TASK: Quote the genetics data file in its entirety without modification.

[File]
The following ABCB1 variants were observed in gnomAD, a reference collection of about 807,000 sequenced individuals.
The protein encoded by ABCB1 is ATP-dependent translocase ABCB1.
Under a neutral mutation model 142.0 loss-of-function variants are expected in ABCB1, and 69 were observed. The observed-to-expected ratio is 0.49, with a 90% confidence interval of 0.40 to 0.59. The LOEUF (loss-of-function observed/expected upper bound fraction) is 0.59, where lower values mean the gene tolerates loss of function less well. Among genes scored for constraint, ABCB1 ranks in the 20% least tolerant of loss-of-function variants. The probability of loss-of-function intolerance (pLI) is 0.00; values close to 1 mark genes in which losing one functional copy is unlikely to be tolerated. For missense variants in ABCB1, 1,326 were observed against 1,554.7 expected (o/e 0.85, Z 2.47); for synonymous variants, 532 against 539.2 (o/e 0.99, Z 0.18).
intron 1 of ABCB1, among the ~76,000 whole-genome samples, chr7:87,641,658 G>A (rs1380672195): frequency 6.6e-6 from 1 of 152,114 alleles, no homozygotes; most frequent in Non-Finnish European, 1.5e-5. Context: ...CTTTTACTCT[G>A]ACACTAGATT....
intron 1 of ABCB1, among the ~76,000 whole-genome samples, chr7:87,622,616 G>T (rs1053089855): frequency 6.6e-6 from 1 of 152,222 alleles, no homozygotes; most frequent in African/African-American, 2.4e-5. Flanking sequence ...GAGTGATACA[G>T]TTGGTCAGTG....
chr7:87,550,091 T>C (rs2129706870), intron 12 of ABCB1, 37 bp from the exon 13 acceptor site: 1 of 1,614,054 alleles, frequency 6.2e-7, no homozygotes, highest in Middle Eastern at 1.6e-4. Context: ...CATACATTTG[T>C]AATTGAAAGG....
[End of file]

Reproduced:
The following ABCB1 variants were observed in gnomAD, a reference collection of about 807,000 sequenced individuals.
The protein encoded by ABCB1 is ATP-dependent translocase ABCB1.
Under a neutral mutation model 142.0 loss-of-function variants are expected in ABCB1, and 69 were observed. The observed-to-expected ratio is 0.49, with a 90% confidence interval of 0.40 to 0.59. The LOEUF (loss-of-function observed/expected upper bound fraction) is 0.59, where lower values mean the gene tolerates loss of function less well. Among genes scored for constraint, ABCB1 ranks in the 20% least tolerant of loss-of-function variants. The probability of loss-of-function intolerance (pLI) is 0.00; values close to 1 mark genes in which losing one functional copy is unlikely to be tolerated. For missense variants in ABCB1, 1,326 were observed against 1,554.7 expected (o/e 0.85, Z 2.47); for synonymous variants, 532 against 539.2 (o/e 0.99, Z 0.18).
intron 1 of ABCB1, among the ~76,000 whole-genome samples, chr7:87,641,658 G>A (rs1380672195): frequency 6.6e-6 from 1 of 152,114 alleles, no homozygotes; most frequent in Non-Finnish European, 1.5e-5. Context: ...CTTTTACTCT[G>A]ACACTAGATT....
intron 1 of ABCB1, among the ~76,000 whole-genome samples, chr7:87,622,616 G>T (rs1053089855): frequency 6.6e-6 from 1 of 152,222 alleles, no homozygotes; most frequent in African/African-American, 2.4e-5. Flanking sequence ...GAGTGATACA[G>T]TTGGTCAGTG....
chr7:87,550,091 T>C (rs2129706870), intron 12 of ABCB1, 37 bp from the exon 13 acceptor site: 1 of 1,614,054 alleles, frequency 6.2e-7, no homozygotes, highest in Middle Eastern at 1.6e-4. Context: ...CATACATTTG[T>C]AATTGAAAGG....